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A Ray of Light

Film series and conference will explore the works and range of revered Indian filmmaker Satyajit Ray
Thursday, October 6, 2022 - 08:15
Santa Barbara, CA

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Black and white photo of a man in a suit and a woman in a dress and glasses sitting across from one another at a table

Satyajit Ray's "The Hero" is one of four of his films set to be shown in the Carsey-Wolf Center series, "Big Screen."

Haven’t been to the movies in a while? You're not alone — but a new free film series and accompanying conference hopes to reverse the trend.

The UC Santa Barbara Film and Media Studies Department and the Carsey-Wolf Center have joined forces in pursuit of two goals: Belatedly celebrate the centenary of a cinematic giant, Indian director Satyajit Ray; and find a way to entice pandemic-wary patrons back into the Pollock Theater.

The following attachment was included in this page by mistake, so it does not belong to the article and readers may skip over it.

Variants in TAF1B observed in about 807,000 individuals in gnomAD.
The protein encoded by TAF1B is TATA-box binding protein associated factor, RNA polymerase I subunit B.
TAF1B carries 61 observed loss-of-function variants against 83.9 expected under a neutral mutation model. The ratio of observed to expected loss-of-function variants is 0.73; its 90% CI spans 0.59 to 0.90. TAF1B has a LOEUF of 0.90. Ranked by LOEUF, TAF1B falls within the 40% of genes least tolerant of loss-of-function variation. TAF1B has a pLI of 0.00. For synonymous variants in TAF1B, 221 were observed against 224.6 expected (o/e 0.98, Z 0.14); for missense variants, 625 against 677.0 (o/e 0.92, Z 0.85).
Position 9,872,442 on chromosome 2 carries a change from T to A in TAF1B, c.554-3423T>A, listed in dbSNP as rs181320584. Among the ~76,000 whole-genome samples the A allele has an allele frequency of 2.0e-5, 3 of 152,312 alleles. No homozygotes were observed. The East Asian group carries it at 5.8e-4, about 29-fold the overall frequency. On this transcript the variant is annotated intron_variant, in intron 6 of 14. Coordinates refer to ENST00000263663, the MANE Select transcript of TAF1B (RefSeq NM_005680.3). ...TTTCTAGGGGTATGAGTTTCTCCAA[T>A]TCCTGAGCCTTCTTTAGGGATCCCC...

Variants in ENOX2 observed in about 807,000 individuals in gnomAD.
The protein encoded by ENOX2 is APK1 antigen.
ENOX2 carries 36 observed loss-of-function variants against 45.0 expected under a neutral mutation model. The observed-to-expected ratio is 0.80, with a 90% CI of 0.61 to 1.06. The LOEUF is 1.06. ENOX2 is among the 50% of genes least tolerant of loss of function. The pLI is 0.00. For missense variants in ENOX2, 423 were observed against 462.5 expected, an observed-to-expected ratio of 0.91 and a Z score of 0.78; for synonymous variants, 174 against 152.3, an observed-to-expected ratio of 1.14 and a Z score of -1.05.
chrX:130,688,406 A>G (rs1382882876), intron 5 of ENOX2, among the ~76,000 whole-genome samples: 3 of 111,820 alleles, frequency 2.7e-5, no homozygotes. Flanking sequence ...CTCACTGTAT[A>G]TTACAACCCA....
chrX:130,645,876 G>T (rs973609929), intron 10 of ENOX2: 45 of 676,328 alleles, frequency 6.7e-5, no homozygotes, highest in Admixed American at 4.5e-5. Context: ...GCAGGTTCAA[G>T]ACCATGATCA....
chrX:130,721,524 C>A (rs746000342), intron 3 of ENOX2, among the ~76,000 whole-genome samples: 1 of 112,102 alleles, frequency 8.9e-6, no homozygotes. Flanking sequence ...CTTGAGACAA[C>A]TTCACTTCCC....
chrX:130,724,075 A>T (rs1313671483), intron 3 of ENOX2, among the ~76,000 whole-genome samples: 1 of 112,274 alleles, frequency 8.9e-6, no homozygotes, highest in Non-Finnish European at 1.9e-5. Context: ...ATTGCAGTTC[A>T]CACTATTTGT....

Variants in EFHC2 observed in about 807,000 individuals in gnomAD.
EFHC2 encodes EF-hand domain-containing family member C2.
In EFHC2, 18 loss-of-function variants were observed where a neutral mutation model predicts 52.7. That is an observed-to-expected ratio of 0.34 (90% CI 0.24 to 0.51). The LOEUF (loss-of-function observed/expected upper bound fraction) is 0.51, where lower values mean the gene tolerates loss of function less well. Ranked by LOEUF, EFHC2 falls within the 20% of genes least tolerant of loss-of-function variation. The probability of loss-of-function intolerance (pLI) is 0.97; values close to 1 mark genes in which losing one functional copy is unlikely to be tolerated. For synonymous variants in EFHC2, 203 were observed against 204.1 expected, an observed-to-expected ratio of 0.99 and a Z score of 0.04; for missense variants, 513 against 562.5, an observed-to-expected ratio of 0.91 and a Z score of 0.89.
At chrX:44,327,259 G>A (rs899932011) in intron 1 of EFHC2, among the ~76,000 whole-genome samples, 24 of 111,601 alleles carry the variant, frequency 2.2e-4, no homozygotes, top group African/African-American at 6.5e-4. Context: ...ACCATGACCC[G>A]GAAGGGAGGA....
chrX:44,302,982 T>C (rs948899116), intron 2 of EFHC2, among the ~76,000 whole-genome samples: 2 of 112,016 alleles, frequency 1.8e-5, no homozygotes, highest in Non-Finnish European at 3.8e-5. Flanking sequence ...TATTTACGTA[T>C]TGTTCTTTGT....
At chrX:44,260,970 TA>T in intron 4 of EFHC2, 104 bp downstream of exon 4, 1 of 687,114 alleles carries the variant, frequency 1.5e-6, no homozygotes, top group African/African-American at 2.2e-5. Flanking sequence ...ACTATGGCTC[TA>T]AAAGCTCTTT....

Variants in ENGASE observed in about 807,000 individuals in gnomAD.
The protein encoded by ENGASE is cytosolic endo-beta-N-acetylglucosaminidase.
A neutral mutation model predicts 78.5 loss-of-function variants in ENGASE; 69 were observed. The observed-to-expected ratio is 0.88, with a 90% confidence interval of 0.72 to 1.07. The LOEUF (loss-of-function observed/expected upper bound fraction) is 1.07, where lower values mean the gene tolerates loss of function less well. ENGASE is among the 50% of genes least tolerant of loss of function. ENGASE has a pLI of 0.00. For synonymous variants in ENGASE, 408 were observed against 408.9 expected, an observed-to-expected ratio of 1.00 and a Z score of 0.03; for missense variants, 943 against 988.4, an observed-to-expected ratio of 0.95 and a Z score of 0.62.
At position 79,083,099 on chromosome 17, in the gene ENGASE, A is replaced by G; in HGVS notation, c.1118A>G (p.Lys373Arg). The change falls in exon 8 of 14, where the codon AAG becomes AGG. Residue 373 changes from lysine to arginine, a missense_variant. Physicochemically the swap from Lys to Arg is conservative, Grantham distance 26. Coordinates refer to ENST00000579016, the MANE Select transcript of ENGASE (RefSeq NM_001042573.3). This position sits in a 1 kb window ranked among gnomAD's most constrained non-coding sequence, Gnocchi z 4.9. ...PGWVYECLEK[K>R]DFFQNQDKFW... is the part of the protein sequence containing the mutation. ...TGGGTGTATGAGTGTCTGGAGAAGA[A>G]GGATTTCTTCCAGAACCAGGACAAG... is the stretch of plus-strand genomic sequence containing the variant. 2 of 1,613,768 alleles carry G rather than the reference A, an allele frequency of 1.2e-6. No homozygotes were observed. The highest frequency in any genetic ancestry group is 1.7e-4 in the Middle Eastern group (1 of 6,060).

If all goes as hoped, these twin efforts will be not only compatible, but mutually reinforcing.

On Oct. 11, the Carsey-Wolf Center kicks off a new, year-long series entitled Big Screen, an attempt to coax movie lovers out of their living rooms and see a film on, well, a big screen. The first four films in the series were written and directed by Ray (1921–22), the first Indian filmmaker to receive widespread international acclaim.

While one of the films, “The Hero” (screening Nov. 9), is relatively well-known to art cinema enthusiasts, the other three are seldom screened in the West, and unavailable on streaming services. Patrice Petro, Dick Wolf Director of the Carsey-Wolf Center, hopes the rare chance to see little-known works by a revered filmmaker will help nudge cinephiles away from streaming services and get them back into the habit of going to the cinema.